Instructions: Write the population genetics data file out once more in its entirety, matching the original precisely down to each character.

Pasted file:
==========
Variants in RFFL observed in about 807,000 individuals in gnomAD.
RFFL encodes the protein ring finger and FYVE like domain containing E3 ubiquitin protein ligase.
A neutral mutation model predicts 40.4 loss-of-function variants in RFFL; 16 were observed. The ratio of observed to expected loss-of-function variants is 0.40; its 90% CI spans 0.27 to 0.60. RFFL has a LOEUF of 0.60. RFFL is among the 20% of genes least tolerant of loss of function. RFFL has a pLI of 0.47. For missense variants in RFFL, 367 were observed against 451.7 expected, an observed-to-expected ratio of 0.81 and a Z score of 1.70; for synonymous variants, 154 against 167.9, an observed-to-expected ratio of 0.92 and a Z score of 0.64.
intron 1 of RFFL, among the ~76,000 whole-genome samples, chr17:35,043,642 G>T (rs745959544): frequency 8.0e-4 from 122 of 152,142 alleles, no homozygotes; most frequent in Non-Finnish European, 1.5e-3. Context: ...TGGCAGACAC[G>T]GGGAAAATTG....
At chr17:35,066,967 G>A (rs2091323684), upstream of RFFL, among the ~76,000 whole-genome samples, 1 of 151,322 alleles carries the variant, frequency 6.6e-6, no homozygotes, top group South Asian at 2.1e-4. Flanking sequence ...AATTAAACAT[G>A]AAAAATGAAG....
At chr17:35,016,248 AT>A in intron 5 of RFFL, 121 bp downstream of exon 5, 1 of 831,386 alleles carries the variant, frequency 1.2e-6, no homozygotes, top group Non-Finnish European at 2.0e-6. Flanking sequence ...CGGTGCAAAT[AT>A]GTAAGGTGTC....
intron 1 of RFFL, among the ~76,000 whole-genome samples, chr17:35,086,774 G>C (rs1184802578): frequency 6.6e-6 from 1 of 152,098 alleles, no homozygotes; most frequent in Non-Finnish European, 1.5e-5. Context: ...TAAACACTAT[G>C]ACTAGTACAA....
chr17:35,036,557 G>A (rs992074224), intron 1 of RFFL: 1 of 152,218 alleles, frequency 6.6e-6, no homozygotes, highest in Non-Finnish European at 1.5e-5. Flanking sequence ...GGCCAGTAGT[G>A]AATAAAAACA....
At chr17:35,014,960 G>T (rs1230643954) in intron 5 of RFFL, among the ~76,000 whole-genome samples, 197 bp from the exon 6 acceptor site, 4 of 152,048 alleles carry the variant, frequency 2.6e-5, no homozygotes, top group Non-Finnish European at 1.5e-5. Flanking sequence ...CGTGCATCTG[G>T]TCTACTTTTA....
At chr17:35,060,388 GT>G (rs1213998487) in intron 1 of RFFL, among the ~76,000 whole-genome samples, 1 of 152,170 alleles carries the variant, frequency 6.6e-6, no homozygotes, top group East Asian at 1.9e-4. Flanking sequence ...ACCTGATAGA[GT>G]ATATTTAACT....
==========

Variants in RFFL observed in about 807,000 individuals in gnomAD.
RFFL encodes the protein ring finger and FYVE like domain containing E3 ubiquitin protein ligase.
A neutral mutation model predicts 40.4 loss-of-function variants in RFFL; 16 were observed. The ratio of observed to expected loss-of-function variants is 0.40; its 90% CI spans 0.27 to 0.60. RFFL has a LOEUF of 0.60. RFFL is among the 20% of genes least tolerant of loss of function. RFFL has a pLI of 0.47. For missense variants in RFFL, 367 were observed against 451.7 expected, an observed-to-expected ratio of 0.81 and a Z score of 1.70; for synonymous variants, 154 against 167.9, an observed-to-expected ratio of 0.92 and a Z score of 0.64.
intron 1 of RFFL, among the ~76,000 whole-genome samples, chr17:35,043,642 G>T (rs745959544): frequency 8.0e-4 from 122 of 152,142 alleles, no homozygotes; most frequent in Non-Finnish European, 1.5e-3. Context: ...TGGCAGACAC[G>T]GGGAAAATTG....
At chr17:35,066,967 G>A (rs2091323684), upstream of RFFL, among the ~76,000 whole-genome samples, 1 of 151,322 alleles carries the variant, frequency 6.6e-6, no homozygotes, top group South Asian at 2.1e-4. Flanking sequence ...AATTAAACAT[G>A]AAAAATGAAG....
At chr17:35,016,248 AT>A in intron 5 of RFFL, 121 bp downstream of exon 5, 1 of 831,386 alleles carries the variant, frequency 1.2e-6, no homozygotes, top group Non-Finnish European at 2.0e-6. Flanking sequence ...CGGTGCAAAT[AT>A]GTAAGGTGTC....
intron 1 of RFFL, among the ~76,000 whole-genome samples, chr17:35,086,774 G>C (rs1184802578): frequency 6.6e-6 from 1 of 152,098 alleles, no homozygotes; most frequent in Non-Finnish European, 1.5e-5. Context: ...TAAACACTAT[G>C]ACTAGTACAA....
chr17:35,036,557 G>A (rs992074224), intron 1 of RFFL: 1 of 152,218 alleles, frequency 6.6e-6, no homozygotes, highest in Non-Finnish European at 1.5e-5. Flanking sequence ...GGCCAGTAGT[G>A]AATAAAAACA....
At chr17:35,014,960 G>T (rs1230643954) in intron 5 of RFFL, among the ~76,000 whole-genome samples, 197 bp from the exon 6 acceptor site, 4 of 152,048 alleles carry the variant, frequency 2.6e-5, no homozygotes, top group Non-Finnish European at 1.5e-5. Flanking sequence ...CGTGCATCTG[G>T]TCTACTTTTA....
At chr17:35,060,388 GT>G (rs1213998487) in intron 1 of RFFL, among the ~76,000 whole-genome samples, 1 of 152,170 alleles carries the variant, frequency 6.6e-6, no homozygotes, top group East Asian at 1.9e-4. Flanking sequence ...ACCTGATAGA[GT>G]ATATTTAACT....